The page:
CSS Selectors

Selectors in CSS are used to select the element(s) from the HTML document on which we want to apply CSS styles. A CSS selector can help us selecting the elements based on their class, id, type, attribute, etc.

There are various types of selectors available in CSS. In this tutorial, we will discuss the most commonly used CSS selectors. Let’s discuss each selector in detail:

1. CSS Element Selector

The element selector selects all the HTML elements based on the element name itself. All the elements which match the specified element name will be affected by the specified CSS styles.

In the example below, the element selector selects all the <p> elements and applies the specified CSS styles to each of them. Try it out:

Example:

p{
   background-color: yellow;
   border: 1px solid black;
   margin: 5px;
   padding: 5px;
}

2. CSS Id Selector

CSS id selector selects a single element from the HTML document which matches the specified id.

As id’s are unique within a webpage, therefore, you can style only a single element using the id selector.

To select an element using the id selector, use a # symbol, followed by the id of the HTML element, like: '#myElement'.

In the example given below, the id selector selects an element which has the id="warning". Try it out:

Example:

#warning{
  font-size:20px;
  background: orange;
  border: 1px solid black;
  padding: 5px;
}

3. CSS Class selector

CSS class selector selects all the elements from a web page which match the specified class name.

Unlike the id, multiple elements can have the same class name. Therefore, the class selector can select multiple elements from a webpage.

To select elements using the class selector, use the (.) character followed by the class name, for example, '.myclass'.

The class selector in the example given below selects all the elements having class="green". Try it out:

Example:

.green{
   color: green;
   text-align: center;
}

4. CSS Universal Selector

CSS universal selector selects all the HTML elements from a web page. Therefore, the styles written under universal selector apply to each and every element of the web page.

A star symbol (*) is used for the universal selector.

The CSS styles written in below example will be applied to each and every element of the web page.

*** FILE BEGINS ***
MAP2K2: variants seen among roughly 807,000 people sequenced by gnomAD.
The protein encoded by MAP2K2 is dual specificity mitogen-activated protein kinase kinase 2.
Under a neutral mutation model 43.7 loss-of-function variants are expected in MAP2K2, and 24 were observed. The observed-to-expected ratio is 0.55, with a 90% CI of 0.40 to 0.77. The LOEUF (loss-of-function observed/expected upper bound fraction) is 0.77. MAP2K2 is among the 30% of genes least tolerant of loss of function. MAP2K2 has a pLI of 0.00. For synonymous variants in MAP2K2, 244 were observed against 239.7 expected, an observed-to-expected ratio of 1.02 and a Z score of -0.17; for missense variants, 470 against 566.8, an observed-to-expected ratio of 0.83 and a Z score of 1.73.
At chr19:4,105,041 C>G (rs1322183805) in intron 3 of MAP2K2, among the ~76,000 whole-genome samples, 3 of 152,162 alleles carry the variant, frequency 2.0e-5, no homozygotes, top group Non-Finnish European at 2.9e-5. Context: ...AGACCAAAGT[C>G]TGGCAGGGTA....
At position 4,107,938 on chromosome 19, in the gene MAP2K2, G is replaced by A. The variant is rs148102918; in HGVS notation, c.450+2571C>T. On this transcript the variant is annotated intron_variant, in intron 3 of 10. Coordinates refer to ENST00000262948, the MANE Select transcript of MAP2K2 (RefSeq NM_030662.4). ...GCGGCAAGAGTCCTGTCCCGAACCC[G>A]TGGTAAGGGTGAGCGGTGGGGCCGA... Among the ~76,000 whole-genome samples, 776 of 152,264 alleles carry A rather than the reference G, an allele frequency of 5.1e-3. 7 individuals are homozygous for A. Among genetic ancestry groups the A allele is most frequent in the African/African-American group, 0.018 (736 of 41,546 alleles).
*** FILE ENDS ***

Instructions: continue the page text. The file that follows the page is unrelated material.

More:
Example:

*{
  color: red;
  font-style: italic;
  text-align: center;
}

Note: CSS styles written under the universal selector will affect the <body> and <html> elements also.


5. CSS Descendant Selector

CSS descendant selector selects all the matching descendants of a given element.

The descendant selector is used when we want to style each and every element of a given type that is contained inside a given element.

Use a white space between the parent and descendant to select all the descendant elements. For example, 'div p',.

In the example below, the descendant selector selects all the <p> elements which are contained inside the <div> element.

Example:

div p{
  background-color: yellow;
  margin: 5px;
  padding: 5px;
  border: 1px solid black;
}

6. CSS Child Selector

CSS child selector selects all the elements which are direct children of the given element.

A greater than symbol(>) is used between the parent and the child to select all direct children. For example, 'div > p'.

The child selector in the example below selects all the <p> elements which are direct child of the <div> element. Try it out.

Example:

div > p{
  background-color: yellow;
  margin: 5px;
  padding: 5px;
  border: 1px solid black;
}

7. CSS Adjacent Sibling Selector

As the name suggests itself, this selector selects the adjacent sibling of the given element.

An addition symbol(+) is used to select the adjacent sibling. For example, 'h1+p'.

In the example below, the adjacent sibling selector selects only that <p> element that comes immediately after the <h1> tag. Try it out:

Example:

h1 + p{
  background-color: yellow;
  margin: 5px;
  padding: 5px;
  border: 1px solid black;
}

8. CSS General Sibling Selector

CSS general sibling selector is almost similar to the adjacent selector, except that it selects all siblings instead of the immediate one.

A tilde symbol(~) is used to select all general siblings of an element. For example, 'h1~p' .

In the example below, the general sibling selector selects all the <p> elements that come after the <h1> tag and are on the same level. Try it out:

Example:

h1 ~ p{
  background-color: yellow;
  margin: 5px;
  padding: 5px;
  border: 1px solid black;
}

9. CSS Grouping Selector

CSS grouping selector helps us to minimize the repetition of the same CSS styles.

The example below applies color: blue; and text-align: center; to each <h1>, <h2> and <p> elements.

Example:

h1{
   color: blue;
   text-align: center;
}

h2{
   color: blue;
   text-align: center;
}

p{
   color: blue;
   text-align: center;
}

From the above example, we can observe that the same styles are repeating again and again. Wouldn’t it be better if we could group these elements and then apply the same styles just once?

That’s what the grouping selector does.

In the example below, the grouping selector selects the <h1>, <h2> and <p> tags and applies the same styles to each of them. Try it out:

Example:

h1, h2, p{
   color: blue;
   text-align: center;
}